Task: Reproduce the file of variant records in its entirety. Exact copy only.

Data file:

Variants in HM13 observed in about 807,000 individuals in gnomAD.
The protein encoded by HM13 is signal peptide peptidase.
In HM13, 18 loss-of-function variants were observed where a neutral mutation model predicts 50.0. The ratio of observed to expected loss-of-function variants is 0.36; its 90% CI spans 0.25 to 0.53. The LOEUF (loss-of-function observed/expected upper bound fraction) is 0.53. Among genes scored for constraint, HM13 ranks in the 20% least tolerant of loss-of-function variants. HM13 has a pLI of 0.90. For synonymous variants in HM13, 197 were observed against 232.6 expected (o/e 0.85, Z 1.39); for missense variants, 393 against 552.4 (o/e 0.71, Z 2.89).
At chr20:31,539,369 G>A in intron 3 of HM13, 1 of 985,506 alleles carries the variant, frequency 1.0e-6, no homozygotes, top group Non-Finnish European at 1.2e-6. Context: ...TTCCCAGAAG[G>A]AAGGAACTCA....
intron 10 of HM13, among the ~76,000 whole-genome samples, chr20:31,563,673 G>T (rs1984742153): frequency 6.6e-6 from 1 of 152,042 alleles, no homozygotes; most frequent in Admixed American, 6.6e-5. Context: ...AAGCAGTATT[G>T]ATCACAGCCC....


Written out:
Variants in HM13 observed in about 807,000 individuals in gnomAD.
The protein encoded by HM13 is signal peptide peptidase.
In HM13, 18 loss-of-function variants were observed where a neutral mutation model predicts 50.0. The ratio of observed to expected loss-of-function variants is 0.36; its 90% CI spans 0.25 to 0.53. The LOEUF (loss-of-function observed/expected upper bound fraction) is 0.53. Among genes scored for constraint, HM13 ranks in the 20% least tolerant of loss-of-function variants. HM13 has a pLI of 0.90. For synonymous variants in HM13, 197 were observed against 232.6 expected (o/e 0.85, Z 1.39); for missense variants, 393 against 552.4 (o/e 0.71, Z 2.89).
At chr20:31,539,369 G>A in intron 3 of HM13, 1 of 985,506 alleles carries the variant, frequency 1.0e-6, no homozygotes, top group Non-Finnish European at 1.2e-6. Context: ...TTCCCAGAAG[G>A]AAGGAACTCA....
intron 10 of HM13, among the ~76,000 whole-genome samples, chr20:31,563,673 G>T (rs1984742153): frequency 6.6e-6 from 1 of 152,042 alleles, no homozygotes; most frequent in Admixed American, 6.6e-5. Context: ...AAGCAGTATT[G>T]ATCACAGCCC....